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Australian bush fires will be amongst worst ever seen, disaster management expert predicts

Posted Friday 18 October 2013

The  Sydney bush fires are likely to be among Australia's worst ever.

New South Wales fire fighters could not possibly have done any more to tackle the bushfires engulfing the area around Sydney and are ultimately at the mercy of the elements, according to a senior Kingston University academic.

Dr Neil Thomas, an expert in environmental hazards and disaster management who has worked extensively with fire services in the area, said "all the boxes had been ticked" for a major incident sparked by freak heat in south eastern Australia. "The weather in the past three weeks has been particularly bad - it's been very dry and windy and unseasonably hot," he said. "I've never seen this at this time of year in Sydney."

New South Wales has one of the world's biggest volunteer fire services, with local resident and newly-elected Prime Minister Tony Abbott being a member. Dr Thomas said they were doing as good a job as they possibly could in the circumstances. "They're doing brilliantly, as always," he said. "They're probably the biggest volunteer fire service in the world and they're doing their jobs superbly. The tragedy is that many of them have lost their own homes while they've been out saving those of others."

Dr Neil Thomas say the wildfires will be among Austalia's worst everCalifornia was the other place in the world most prone to similar problems and Dr Thomas said exchanges of professional expertise and technology allowed fire fighters to manage the blaze as best they could. However, nature often had the last say. "The Blue Mountains are a tough enough place anyway, because they're so rugged and inaccessible, and once it becomes a crown fire - in the trees, off the ground - that's the most destructive type there is," he said. "It creates its own weather system and the heat and dynamic of the fire make it almost uncontrollable. You almost have to just let it burn itself out and hope for rain."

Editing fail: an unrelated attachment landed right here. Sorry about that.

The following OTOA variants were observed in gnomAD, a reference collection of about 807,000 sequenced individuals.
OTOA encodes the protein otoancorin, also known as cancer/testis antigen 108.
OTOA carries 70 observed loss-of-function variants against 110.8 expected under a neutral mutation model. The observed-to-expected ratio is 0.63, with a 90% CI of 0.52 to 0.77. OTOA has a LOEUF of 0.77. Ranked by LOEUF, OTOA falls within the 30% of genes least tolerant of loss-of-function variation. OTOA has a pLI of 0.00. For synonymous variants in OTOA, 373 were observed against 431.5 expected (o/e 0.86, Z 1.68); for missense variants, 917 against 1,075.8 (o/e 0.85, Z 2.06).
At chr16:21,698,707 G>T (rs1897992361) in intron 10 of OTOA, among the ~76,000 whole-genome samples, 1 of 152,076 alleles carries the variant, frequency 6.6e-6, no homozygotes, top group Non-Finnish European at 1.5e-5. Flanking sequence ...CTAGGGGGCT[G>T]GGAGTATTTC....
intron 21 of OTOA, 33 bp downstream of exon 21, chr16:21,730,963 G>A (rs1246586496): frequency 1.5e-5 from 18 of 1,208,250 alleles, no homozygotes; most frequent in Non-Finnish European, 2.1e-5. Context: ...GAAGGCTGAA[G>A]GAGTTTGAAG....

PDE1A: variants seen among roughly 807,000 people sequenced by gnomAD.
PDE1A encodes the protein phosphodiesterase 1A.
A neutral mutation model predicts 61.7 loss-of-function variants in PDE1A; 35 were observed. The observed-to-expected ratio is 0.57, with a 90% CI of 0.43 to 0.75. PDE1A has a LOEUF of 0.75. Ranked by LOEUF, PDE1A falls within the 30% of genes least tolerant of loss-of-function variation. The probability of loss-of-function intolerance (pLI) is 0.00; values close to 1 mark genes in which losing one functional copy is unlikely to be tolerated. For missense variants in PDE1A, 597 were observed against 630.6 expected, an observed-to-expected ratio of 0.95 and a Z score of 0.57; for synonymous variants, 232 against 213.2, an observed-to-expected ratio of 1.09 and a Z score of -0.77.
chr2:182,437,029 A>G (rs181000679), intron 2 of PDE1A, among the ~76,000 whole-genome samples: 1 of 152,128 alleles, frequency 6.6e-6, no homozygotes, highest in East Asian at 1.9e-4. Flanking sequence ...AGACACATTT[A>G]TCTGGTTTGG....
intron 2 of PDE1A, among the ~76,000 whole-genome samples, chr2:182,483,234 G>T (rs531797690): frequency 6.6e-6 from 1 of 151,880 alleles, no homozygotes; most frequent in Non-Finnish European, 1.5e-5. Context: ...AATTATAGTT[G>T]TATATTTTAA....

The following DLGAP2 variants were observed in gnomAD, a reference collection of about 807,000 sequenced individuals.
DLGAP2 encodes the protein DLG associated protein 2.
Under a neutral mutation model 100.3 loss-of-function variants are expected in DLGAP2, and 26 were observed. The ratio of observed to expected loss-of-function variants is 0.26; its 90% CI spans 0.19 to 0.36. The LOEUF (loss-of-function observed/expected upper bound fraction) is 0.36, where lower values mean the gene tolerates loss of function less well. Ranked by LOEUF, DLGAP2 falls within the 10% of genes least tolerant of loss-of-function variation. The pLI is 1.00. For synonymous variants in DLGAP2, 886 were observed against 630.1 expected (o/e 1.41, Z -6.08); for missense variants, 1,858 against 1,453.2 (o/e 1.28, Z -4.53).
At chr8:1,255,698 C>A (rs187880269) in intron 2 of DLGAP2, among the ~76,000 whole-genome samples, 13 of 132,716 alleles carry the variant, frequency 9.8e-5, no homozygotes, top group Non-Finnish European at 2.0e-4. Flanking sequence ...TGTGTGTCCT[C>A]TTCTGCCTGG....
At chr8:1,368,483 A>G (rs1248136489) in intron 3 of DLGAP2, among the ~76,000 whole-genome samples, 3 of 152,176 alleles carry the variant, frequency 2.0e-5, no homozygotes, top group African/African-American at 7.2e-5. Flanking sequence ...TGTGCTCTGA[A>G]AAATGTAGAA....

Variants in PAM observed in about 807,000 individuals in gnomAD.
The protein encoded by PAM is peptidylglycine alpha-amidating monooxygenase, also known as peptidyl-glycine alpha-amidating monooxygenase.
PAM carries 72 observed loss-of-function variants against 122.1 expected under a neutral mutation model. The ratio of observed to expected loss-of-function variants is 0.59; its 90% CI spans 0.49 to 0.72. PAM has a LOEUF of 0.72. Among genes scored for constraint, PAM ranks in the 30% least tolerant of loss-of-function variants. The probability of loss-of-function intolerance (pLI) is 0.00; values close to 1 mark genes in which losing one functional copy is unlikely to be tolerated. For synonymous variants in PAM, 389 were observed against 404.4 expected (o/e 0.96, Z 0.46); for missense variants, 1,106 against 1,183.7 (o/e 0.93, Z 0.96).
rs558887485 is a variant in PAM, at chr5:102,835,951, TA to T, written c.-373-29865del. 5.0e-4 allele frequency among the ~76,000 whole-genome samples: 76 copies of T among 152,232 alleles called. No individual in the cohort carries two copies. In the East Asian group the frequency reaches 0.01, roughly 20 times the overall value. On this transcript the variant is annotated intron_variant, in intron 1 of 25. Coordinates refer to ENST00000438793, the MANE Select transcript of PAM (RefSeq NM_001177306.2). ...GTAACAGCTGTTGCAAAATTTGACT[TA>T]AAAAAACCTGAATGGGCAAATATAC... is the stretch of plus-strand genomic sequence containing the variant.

Events of such a magnitude at this time of year were almost unprecedented, Dr Thomas said. He warned that things would probably get worse before they got better. "We're not used to this at this time of year, it's usually nearer January or February," he said. "The winds usually come from the north west, but occasionally there's a southerly change which appears to have happened and cooled things down a bit. However, it's not lasted long - there's been a bit of rain, but not much. Looking at the Bureau of Meteorology forecast, it's going to get hot again. The firefighters will be hoping for the best but preparing for the worst."

 

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